Medford Family Shines Light on Pre-Natal Down Syndrome
The McLaughlin's and their daughter, Grace, were featured in the most recent edition of TIME.
This story has been re-published because Huffington Post has chosen Medford's Melanie McLaughlin and her daughter Grace as today's "Greatest Person of the Day." Check out McLaughlin and other greatest people of the day here.
When Melanie McLaughlin found out her unborn daughter had Down syndrome in 2007, she was faced with an unimaginably difficult decision.
"We all like to think we know what we’ll do, but you don’t really know until until you're faced with it," McLaughlin said in a phone interview Thursday.
After meeting with a family with a child with Down syndrome and much research, McLaughlin, 46, decided to keep her daughter, now four and named Grace.
McLaughlin now helps other parents in the same position as a volunteer with Parents First Call, an organization that gives non-directive support to mothers who have discovered their unborn child has Down syndrome.
“At the time, I really struggled with my decision,” McLaughlin said. “I had to do a lot of research before I could decide whether to continue with the pregnancy or not.”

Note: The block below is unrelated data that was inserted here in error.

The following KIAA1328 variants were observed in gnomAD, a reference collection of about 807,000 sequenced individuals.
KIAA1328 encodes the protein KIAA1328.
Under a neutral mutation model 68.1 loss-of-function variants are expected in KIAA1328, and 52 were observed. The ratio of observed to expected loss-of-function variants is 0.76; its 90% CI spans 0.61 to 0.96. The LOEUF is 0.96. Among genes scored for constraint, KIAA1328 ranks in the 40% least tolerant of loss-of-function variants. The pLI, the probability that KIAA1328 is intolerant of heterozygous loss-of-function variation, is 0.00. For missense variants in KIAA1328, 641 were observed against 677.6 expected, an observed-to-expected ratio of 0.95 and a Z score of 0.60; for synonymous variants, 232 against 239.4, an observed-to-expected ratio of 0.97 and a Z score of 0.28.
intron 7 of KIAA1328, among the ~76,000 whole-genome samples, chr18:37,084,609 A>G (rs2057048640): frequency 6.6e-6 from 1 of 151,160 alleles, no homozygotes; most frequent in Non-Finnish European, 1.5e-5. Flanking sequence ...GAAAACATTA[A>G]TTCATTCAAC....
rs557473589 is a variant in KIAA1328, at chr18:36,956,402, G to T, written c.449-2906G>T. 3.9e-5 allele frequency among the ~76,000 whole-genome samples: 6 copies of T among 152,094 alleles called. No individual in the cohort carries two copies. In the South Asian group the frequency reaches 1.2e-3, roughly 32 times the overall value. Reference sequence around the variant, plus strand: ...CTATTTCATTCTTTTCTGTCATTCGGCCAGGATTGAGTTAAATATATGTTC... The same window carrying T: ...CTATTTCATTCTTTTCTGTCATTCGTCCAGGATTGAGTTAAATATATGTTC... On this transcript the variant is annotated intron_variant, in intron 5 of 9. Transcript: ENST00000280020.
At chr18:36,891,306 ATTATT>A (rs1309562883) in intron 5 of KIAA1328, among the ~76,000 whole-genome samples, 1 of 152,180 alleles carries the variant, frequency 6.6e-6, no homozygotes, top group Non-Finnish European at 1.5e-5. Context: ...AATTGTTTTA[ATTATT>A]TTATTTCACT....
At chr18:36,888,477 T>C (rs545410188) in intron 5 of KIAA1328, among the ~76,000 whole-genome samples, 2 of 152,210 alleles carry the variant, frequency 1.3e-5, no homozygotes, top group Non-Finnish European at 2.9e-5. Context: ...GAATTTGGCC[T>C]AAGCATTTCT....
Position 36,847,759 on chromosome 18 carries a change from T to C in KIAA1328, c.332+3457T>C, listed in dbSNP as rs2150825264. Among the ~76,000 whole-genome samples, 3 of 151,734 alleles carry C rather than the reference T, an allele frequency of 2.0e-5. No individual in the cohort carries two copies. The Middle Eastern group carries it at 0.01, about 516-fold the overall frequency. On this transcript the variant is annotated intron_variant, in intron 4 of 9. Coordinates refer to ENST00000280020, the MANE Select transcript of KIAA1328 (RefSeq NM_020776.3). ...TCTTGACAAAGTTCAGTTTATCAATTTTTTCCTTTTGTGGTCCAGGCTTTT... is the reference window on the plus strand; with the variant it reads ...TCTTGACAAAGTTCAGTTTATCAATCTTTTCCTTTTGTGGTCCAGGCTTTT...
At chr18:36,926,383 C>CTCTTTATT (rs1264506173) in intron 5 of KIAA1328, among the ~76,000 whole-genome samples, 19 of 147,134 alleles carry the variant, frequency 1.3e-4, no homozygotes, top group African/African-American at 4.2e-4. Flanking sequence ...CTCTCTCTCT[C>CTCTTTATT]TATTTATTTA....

McLaughlin, who has lived in West Medford for 12 years with her husband Terry and three kids, is featured in a TIME Magazine article "Early Decision" released in February that focuses on the risk of a pre-natal Down syndrome diagnosis. Her and Grace were also featured on CBS This Morning Feb. 22.
At the time of McLaughlin's pregnancy in 2007, the only way to test for pre-natal Down syndrome was through an invasive procedure, which she had. But pregnant women can now take a non-invasive blood test, called MaterniT21.
The new test has raised questions over where the line should be drawn when it comes to pre-natal testing.
"If it's not for Down syndrome what is it for? Is it for homosexuality? Is it for breast cancer? Is it for Alzheimer's? Is it for, you know, autism?" McLaughlin told CBS. "Because you're going to need to ask those questions, because they're coming."
Along with her volunteer work, McLaughlin also runs a monthly support group for parents of children with Down syndrome out of her home. Parents interested can contact her at firstname.lastname@example.org.
Note: The TIME article is behind a paywall. Only subscribers can read the entire article online. The issue, featuring a cover photo of Kim Jong Un, is available on newstands now. You can read more of TIME's coverage of Down syndrome here.